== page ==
Jeff Franklin

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Jeff Franklin
Born Jeffrey Steven Franklin
(1955-01-21) January 21, 1955 (age 63)
California, U.S
Residence Beverly Hills, California
Occupation Producer, screenwriter, director
Years active 1976–present

Jeffrey Steven Franklin (born January 21, 1955)[1][2] is an American producer, screenwriter, and director. He is known for being the creator of the television series Full House, as well as other sitcoms, such as the spin-off Fuller House, Hangin' with Mr. Cooper and also Malcolm & Eddie.[3]

Early life[edit]

Franklin was raised in Inglewood, California.[4] He worked as a substitute teacher in his hometown before becoming a writer.[4]


Franklin began his television career as a writer and producer for Laverne & Shirley and Bosom Buddies. Franklin pitched his own show to ABC called "House of Comics" which featured three comics living together.[citation needed] ABC was looking for a family sitcom, so Franklin added children and the idea evolved into the show Full House, which ran on the ABC network from 1987 to 1995.

After Full House, Franklin created Hangin' with Mr. Cooper, starring comedian Mark Curry.[5] Franklin departed Hanging with Mr. Cooper in September 1992.[5] His other TV credits include both writing and production on shows such as, It's Garry Shandling's Show, and Malcolm & Eddie. He also wrote, produced and directed the first Olsen twins movie, To Grandmother's House We Go.

Franklin's most notable film writing credits include the teen comedies Just One of the Guys (1985) and Summer School (1987), starring Mark Harmon.

On April 20, 2015, Netflix announced the streaming service would pick-up thirteen episodes of Fuller House, a sequel to Full House.[6] Netflix also announced Franklin would oversee the production along with Robert L. Boyett and Thomas L. Miller.[6] All 13 episodes of the first season premiered on February 26, 2016.[7][8] The series, which has been a major hit for Netflix has been subsequently picked up for three additional seasons since.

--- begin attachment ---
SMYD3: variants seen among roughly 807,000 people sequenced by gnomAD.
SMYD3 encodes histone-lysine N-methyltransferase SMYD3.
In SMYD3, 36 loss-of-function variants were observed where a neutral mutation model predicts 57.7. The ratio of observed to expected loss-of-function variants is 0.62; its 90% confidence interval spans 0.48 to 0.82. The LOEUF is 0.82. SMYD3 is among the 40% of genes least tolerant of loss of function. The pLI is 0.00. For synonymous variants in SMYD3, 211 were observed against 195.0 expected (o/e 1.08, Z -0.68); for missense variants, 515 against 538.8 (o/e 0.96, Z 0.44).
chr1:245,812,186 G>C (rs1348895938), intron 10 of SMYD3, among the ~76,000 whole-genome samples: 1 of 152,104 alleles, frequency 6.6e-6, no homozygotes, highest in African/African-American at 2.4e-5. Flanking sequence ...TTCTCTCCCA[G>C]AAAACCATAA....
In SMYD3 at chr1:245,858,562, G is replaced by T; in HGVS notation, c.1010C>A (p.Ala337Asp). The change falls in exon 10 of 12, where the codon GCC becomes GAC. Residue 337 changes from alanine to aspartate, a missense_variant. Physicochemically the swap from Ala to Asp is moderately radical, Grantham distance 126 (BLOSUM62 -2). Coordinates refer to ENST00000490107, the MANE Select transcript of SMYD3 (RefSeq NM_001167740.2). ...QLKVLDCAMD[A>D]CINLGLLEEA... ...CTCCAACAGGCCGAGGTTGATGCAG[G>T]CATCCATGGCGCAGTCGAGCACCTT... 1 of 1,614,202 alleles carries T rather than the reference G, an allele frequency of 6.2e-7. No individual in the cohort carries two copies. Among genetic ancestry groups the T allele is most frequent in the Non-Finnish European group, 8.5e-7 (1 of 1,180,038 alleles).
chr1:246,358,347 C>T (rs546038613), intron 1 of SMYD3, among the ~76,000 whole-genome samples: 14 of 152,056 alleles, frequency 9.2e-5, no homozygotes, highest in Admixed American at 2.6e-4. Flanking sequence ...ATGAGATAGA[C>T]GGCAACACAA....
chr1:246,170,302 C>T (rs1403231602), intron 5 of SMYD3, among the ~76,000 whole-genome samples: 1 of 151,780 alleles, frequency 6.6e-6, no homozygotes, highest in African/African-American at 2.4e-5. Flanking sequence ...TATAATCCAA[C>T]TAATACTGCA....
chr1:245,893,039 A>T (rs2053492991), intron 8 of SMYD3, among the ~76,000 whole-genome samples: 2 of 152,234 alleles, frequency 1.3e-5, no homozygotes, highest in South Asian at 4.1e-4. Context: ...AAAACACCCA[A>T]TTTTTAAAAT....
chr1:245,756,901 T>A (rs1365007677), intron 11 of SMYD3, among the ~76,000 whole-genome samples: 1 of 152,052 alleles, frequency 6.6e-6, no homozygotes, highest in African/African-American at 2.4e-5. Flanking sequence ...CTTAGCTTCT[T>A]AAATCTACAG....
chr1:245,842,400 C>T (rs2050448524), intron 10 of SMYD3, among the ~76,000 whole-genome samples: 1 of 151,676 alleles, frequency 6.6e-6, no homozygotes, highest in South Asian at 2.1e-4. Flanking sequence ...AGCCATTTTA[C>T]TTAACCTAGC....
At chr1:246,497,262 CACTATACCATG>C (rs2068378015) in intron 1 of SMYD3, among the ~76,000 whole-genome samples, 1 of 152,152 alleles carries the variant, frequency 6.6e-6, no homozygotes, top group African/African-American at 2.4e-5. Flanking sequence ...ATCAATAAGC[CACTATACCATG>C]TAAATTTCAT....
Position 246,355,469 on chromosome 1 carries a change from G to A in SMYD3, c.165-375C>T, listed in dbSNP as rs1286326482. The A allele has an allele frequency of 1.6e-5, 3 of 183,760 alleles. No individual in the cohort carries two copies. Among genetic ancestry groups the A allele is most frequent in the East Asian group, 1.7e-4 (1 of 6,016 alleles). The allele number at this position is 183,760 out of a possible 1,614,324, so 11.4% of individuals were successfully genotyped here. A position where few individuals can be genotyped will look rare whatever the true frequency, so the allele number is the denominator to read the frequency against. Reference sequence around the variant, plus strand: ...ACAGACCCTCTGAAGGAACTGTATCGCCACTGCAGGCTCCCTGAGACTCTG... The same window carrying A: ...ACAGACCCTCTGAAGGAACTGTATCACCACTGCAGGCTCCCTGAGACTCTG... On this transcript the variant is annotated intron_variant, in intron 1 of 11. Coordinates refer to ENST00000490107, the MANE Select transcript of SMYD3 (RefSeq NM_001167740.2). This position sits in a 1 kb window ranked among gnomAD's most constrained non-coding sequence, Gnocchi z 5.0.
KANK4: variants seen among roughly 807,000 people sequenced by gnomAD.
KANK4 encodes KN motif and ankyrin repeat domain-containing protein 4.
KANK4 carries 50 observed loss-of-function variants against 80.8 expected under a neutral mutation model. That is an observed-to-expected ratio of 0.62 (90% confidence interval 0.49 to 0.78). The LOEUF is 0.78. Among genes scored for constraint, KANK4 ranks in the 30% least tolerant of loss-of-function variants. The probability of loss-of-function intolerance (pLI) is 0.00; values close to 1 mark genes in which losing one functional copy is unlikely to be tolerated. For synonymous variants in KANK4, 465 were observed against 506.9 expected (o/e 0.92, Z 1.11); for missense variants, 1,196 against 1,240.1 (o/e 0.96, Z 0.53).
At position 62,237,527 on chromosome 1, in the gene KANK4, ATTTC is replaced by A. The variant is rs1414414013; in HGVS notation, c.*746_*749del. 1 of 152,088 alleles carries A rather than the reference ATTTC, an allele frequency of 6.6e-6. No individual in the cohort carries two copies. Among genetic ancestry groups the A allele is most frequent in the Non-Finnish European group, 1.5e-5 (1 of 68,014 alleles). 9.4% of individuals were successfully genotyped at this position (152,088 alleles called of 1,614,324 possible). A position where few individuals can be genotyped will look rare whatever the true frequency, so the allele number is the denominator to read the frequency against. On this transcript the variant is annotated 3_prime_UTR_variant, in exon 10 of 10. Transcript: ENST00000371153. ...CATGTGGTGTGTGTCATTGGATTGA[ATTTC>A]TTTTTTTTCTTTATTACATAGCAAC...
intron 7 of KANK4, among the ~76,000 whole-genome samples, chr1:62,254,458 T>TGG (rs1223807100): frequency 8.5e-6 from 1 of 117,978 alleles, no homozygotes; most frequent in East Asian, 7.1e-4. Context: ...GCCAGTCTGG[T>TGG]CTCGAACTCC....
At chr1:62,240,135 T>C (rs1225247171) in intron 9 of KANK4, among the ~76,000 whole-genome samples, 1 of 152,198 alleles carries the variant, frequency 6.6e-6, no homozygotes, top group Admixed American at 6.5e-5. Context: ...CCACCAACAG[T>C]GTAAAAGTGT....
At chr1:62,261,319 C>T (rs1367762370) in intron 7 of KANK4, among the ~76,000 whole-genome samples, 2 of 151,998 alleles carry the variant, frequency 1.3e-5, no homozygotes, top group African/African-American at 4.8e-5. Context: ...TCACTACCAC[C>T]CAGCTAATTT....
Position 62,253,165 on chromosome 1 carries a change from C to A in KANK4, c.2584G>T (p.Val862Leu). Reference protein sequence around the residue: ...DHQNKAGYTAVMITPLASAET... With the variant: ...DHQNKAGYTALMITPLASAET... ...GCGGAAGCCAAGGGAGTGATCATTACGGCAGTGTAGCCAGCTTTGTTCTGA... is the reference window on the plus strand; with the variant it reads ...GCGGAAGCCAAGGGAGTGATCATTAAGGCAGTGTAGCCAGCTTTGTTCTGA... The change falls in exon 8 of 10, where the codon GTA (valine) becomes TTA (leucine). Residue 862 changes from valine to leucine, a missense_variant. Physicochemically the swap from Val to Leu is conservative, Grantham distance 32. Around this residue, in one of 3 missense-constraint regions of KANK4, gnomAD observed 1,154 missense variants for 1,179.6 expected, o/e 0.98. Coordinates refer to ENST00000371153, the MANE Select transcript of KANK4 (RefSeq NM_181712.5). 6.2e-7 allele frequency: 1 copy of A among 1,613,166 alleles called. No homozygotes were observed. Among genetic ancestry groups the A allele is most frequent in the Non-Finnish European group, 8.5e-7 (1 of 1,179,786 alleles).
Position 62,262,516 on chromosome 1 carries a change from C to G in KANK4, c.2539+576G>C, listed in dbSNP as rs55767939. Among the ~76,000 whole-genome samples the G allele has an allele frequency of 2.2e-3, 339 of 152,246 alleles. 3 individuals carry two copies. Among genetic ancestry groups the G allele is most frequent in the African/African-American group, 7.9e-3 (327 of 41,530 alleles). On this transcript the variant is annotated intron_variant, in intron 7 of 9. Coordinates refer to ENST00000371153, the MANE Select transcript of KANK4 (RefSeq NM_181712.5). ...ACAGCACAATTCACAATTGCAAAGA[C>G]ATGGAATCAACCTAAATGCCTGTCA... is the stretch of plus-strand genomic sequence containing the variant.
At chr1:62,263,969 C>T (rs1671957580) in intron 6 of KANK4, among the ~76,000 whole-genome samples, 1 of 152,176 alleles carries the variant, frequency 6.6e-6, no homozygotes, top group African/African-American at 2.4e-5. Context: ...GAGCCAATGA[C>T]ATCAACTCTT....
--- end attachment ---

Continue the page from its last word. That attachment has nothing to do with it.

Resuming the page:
In February 2018, Franklin was fired from Fuller House after complaints about verbally abusive and vulgar language in the writers' room and on the set of the series.[9]

Personal life[edit]

In 1994, Franklin bought 10050 Cielo Drive, site of the Tate murders in 1969. The French country-style home was eventually demolished and replaced by a mansion designed by architect Richard Landry.[10] In 2014, he listed for sale another house designed by Landry in the Hollywood Hills for US$30 million.[11]





  1. ^ l McRady, Rache (January 25, 2015). "Full House Cast Reunites For Creator Jeff Franklin's Birthday: See Bob Saget, Lori Loughlin, John Stamos, More, Plus the Cast Sings the Theme Song!". Us Weekly. Retrieved December 1, 2016.
  2. ^ Itzkoff, Dave (February 17, 2016). "Leaving 'Full House' Was His Biggest Regret. So He Rebuilt It". The New York Times. Retrieved December 1, 2016. Mr. Franklin, a 61-year-old writer and producer who lives in Los Angeles...
  3. ^ Ramisetti, Kirthana (August 26, 2014). "'Full House' could be revived for new series featuring original cast members". New York Daily News.
  4. ^ a b Robinson, George (December 4, 1992). ""They're just the two most special kids," says Jeff Franklin". The Southeast Missourian. Retrieved September 9, 2015.
  5. ^ a b Kleid, Beth (14 September 1992). "Morning Report:Television". Los Angeles Times. Retrieved 9 September 2015.
  6. ^ a b Goldberg, Lesley (20 April 2015). "It's Official: 'Full House' Revival Heading to Netflix". The Hollywood Reporter. Retrieved 9 September 2015.
  7. ^ Serico, Chris (December 17, 2015). "First 'Fuller House' teaser gives glimpse of Netflix reboot: 'Welcome home'". Today. Retrieved December 18, 2015.
  8. ^ Moylan, Brian (26 February 2016). "Fuller House: Tanner family nostalgia doesn't make redundant sitcom better". The Guardian. Retrieved 27 February 2016.
  9. ^ Littleton, Cynthia (28 February 2018). "Jeff Franklin Out as Showrunner of 'Fuller House' Amid Complaints About His Behavior (Exclusive)". Variety. Retrieved February 28, 2018.
  10. ^ Haldeman, Peter (January 31, 2010). "A Dream Reimagined: The Sky's the Limit in a Creative Epiphany in Beverly Hills". Architectural Digest. Retrieved May 10, 2016.
  11. ^ Gardner, Chris (October 16, 2014). "'Full House' Creator Lists $30M Home: "If You Can't Get Laid in That Bedroom, There's Something Wrong With You"". The Hollywood Reporter. Retrieved May 10, 2016.

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